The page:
Nigeria's militant Islamist group Boko Haram - which has caused havoc in Africa's most populous country through a wave of bombings - is fighting to overthrow the government and create an Islamic state. Keep reading >>>>
In Nigeria, a Deadly Group’s Rage Has Local Roots
KANO, Nigeria — In an imam’s quiet office, two young men in long hooded robes, their faces hidden by checked scarves, calmly described their deadly war against the Nigerian state.
The office door was open. Children from the Koranic school adjoining the mosque streamed past, laughing and jostling. Worshipers from the evening prayer service, which the young men had just left, poured into the parking lot. If the police had been alerted in any way, the two young men would have been instantly arrested, or worse. But neither appeared nervous about possible betrayal.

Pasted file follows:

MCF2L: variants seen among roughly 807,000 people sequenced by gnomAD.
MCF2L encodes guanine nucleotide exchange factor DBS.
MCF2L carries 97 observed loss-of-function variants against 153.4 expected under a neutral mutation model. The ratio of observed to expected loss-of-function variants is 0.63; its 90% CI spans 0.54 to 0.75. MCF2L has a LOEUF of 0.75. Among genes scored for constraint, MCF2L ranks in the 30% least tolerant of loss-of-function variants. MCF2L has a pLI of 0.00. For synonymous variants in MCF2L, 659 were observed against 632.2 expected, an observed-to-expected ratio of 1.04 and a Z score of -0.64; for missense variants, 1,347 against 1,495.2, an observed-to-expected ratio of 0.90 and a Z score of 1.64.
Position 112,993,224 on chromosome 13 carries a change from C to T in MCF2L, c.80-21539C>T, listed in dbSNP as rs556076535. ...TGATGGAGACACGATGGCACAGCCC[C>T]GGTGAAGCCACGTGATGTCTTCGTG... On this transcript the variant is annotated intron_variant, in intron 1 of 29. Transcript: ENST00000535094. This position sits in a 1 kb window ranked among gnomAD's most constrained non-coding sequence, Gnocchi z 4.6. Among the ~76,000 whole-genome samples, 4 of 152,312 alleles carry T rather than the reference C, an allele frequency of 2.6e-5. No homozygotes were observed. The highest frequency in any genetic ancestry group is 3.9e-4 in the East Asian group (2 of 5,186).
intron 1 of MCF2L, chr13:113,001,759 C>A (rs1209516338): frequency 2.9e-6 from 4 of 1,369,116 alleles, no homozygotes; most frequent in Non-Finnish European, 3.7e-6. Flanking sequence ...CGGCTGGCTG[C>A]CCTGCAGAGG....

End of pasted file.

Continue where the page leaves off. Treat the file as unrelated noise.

“It is not the people of Nigeria, it is only the army and the police who are against us,” said one of the men, explaining their membership in Boko Haram, the militant group that has claimed responsibility for killing hundreds in its battle against the Nigerian government. “Millions of people in Kano State are supporting us.”
His bravado notwithstanding, the violent Islamist army operating out of these dusty alleyways, ready to lash out and quickly fade back, is deeply enmeshed in the fabric of life in this sprawling metropolis, succored by an uneasy mix of fear and sympathy among the millions of impoverished people here.
The group’s lethality is undeniable. Boko Haram unleashed a hail of bullets and homemade bombs here last month to deadly effect: as many as 300 were killed in a few hours in the group’s deadliest and most organized assault yet after two years of attacks across northern Nigeria. It was an unprecedented wave of coordinated suicide bombing, sustained gunfire and explosions, much of it directed against the police.